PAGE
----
Julianna Margulies thought she was dead. The actress in her, at least, was convinced that her "ER" character--head nurse Carol Hathaway--had met her Grim Reaper when the hospital drama's well-received pilot wrote Hathaway into a coma after a suicide attempt.
Margulies thought her role on the series was over. "I had no idea I was coming back," she says from her Santa Monica apartment. "I was hired as a guest star, just for the pilot." Margulies already had returned to Baltimore to resume work for her recurring role on NBC's "Homicide: Life on the Street" when she got word that she was made an "ER" regular.
Hathaway's suicide attempt has yet to be fully explained. "(Ex-lover) Ross (George Clooney) thinks it's his fault, but it's much more complicated. It'll be a slow process in revealing what really happened," Margulies says. "It's depressing enough being in the ER, and it's pretty dark to be talking about suicide. Eventually things will come out."
After the second episode aired--and it was revealed that Hathaway did survive--Margulies attended a nurses convention in San Antonio, Tex. "I'd heard nurses were angry and protesting her suicide attempt, so I wanted to talk to them while we attended classes and researched."
The nurses told Margulies "that nurses were so badly represented on television and in the entertainment industry, that to finally see a nurse who was so strong and had it together and then see her commit suicide, didn't make them happy."
But further research proved her character's actions authentic. "They thought she was a drug addict, because you see her getting into the drug cabinet," Margulies says. "That's what I thought, too. We had two chaperon nurses and both of them shared experiences with drug abuse."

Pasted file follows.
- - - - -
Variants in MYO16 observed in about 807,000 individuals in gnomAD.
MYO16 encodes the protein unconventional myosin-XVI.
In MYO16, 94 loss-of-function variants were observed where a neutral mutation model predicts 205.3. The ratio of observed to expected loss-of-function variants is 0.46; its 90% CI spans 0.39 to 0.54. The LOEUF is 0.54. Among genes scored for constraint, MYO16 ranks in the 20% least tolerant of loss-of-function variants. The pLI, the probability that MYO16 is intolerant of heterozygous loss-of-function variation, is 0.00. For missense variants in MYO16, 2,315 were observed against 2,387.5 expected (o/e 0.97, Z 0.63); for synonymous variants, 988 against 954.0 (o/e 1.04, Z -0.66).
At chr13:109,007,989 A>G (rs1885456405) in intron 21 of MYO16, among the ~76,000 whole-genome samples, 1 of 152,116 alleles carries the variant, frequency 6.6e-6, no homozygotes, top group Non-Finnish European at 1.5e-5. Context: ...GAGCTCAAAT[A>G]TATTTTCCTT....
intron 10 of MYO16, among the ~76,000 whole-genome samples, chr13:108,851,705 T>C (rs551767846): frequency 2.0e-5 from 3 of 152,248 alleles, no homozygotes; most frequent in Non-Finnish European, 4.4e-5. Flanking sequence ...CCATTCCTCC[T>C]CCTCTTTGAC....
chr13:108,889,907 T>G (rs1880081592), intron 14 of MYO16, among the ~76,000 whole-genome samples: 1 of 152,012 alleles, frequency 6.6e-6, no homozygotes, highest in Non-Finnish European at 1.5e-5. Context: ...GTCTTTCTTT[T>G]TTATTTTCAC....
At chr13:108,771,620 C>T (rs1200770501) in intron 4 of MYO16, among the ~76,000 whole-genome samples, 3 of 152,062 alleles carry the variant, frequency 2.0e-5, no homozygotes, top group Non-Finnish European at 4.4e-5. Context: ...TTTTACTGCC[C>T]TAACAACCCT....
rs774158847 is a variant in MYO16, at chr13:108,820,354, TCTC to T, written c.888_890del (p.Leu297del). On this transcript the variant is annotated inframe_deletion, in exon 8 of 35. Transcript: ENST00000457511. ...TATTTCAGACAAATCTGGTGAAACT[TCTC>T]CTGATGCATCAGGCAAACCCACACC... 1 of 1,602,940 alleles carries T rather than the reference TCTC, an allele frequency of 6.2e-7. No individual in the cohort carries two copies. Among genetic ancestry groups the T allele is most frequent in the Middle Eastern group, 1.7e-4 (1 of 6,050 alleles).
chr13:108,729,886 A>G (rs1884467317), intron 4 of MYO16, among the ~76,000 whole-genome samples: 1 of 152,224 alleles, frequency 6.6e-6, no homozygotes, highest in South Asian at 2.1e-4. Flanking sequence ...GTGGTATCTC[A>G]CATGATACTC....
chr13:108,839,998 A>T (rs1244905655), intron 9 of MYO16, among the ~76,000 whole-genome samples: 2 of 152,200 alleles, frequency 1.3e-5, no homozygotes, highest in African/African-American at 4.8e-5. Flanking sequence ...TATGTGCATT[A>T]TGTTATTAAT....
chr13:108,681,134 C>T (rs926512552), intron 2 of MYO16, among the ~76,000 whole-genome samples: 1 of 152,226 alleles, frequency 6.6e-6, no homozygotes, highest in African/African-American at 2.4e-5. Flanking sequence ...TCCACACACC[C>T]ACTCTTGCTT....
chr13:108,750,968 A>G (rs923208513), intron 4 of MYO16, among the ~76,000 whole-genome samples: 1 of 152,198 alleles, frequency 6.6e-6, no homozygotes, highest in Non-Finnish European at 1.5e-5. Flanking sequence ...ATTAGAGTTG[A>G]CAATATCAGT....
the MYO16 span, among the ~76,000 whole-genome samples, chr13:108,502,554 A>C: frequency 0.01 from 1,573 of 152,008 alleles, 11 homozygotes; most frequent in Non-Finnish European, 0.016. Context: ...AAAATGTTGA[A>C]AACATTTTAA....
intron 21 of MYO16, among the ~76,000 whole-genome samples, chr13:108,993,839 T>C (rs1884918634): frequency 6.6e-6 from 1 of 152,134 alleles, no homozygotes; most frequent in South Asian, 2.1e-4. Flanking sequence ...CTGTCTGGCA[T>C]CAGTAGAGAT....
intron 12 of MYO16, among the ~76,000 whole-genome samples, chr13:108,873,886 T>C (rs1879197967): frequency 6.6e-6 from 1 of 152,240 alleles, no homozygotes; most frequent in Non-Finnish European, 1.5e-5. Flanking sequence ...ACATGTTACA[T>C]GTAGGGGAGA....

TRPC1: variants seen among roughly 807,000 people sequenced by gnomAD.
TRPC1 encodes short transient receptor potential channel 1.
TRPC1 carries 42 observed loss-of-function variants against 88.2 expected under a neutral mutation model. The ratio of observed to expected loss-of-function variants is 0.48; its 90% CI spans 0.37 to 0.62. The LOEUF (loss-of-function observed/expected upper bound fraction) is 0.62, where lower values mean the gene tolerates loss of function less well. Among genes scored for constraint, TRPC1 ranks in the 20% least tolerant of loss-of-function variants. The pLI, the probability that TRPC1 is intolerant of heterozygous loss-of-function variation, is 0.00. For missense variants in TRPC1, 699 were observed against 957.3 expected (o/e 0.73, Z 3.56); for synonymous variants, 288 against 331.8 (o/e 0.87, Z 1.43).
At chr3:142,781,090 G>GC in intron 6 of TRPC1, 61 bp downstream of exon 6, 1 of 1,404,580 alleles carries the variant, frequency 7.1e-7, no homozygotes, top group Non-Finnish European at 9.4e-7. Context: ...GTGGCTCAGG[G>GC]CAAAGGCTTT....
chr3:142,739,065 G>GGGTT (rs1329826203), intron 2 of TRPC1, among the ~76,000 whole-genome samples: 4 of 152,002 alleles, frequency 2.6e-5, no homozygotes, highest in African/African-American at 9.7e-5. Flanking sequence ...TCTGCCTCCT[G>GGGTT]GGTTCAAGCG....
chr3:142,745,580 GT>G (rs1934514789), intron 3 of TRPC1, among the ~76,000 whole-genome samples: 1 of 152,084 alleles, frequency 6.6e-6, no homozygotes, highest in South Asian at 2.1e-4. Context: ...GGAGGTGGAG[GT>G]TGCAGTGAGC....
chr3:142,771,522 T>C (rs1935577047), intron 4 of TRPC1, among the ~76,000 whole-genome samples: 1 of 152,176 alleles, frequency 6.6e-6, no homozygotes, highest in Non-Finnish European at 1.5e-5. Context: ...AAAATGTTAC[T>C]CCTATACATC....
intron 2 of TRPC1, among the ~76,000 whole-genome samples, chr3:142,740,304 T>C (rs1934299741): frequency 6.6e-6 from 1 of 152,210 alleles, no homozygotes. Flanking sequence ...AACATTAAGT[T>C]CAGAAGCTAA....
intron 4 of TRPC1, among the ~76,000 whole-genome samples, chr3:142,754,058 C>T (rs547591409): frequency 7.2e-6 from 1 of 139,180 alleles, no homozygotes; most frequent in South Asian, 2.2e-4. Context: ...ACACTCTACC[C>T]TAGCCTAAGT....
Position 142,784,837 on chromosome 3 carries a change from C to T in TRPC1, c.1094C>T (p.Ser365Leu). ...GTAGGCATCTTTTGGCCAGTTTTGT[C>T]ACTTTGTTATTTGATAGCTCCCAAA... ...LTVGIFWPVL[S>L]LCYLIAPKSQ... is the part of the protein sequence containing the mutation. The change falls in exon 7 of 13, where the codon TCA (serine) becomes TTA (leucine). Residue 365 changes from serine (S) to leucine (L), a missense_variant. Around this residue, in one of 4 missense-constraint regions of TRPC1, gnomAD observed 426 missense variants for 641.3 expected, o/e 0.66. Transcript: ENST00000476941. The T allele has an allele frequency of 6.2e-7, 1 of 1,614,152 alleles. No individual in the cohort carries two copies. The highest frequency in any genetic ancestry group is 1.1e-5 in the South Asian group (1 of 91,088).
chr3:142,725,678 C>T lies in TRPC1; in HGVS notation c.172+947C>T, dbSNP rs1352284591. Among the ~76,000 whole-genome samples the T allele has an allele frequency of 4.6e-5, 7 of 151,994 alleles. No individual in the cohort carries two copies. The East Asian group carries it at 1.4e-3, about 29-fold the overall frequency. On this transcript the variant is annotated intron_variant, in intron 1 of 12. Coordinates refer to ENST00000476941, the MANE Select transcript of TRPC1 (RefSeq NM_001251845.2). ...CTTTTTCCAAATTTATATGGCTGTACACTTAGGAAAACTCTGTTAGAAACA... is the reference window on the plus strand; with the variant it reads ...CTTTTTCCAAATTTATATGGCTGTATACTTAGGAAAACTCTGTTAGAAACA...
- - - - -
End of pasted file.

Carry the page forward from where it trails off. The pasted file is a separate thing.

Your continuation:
Eventually, the nurses came to the conclusion that, while they didn't know if suicide was common, drug problems due to stress were quite common among members of their profession.
The show's authenticity is further guaranteed, Margulies says, because there are always professionals on the grueling work set. "When you see us in a trauma situation or an operating scene, the people other than the main cast are real doctors and nurses."
She's particularly proud of Hathaway, even though at first she worried that, at 26, she was too young to be a head nurse. "I asked them about it, and they said, 'No, that's the way it is, you have to be young and strong to deal with all the stresses.' "
Hathaway, Margulies observes, "is strong and controlling and that's why she's good at her job. She has a dry sense of humor and a very dark side to her that she doesn't wear on her sleeve. She's very compassionate, even if she's dealing with her own demons."
Things may be looking up for the head nurse's social life. She'll get a ring, but Margulies won't say from whom.
The East Coast native, who says she's as willful as Hathaway but much softer, won her first role in 1991 opposite Steven Seagal in "Out For Justice."
"It was difficult getting work," she says. "A lot of people told me I'd never ever work in TV because my looks were so different. They couldn't tell if I was black, Hispanic or what." (She's Romanian-Hungarian-Austrian-Russian, she says.)
Jobs in theater, commercials and series guest shots piled up until she got the part of "Homicide's" waitress-turned-violinist.
Margulies says that on "ER"--which swiftly beat its one-on-one competitor, CBS' "Chicago Hope" before the latter hospital series was moved to another time slot--"the characters are recognizable as human beings. On 'Chicago Hope' they seem a little more untouchable. They are so heroic, and I think it's difficult to identify with those perfect people. The characters in 'ER' seem real. You can identify with them."
"ER" airs Thursdays at 10 p.m. on NBC.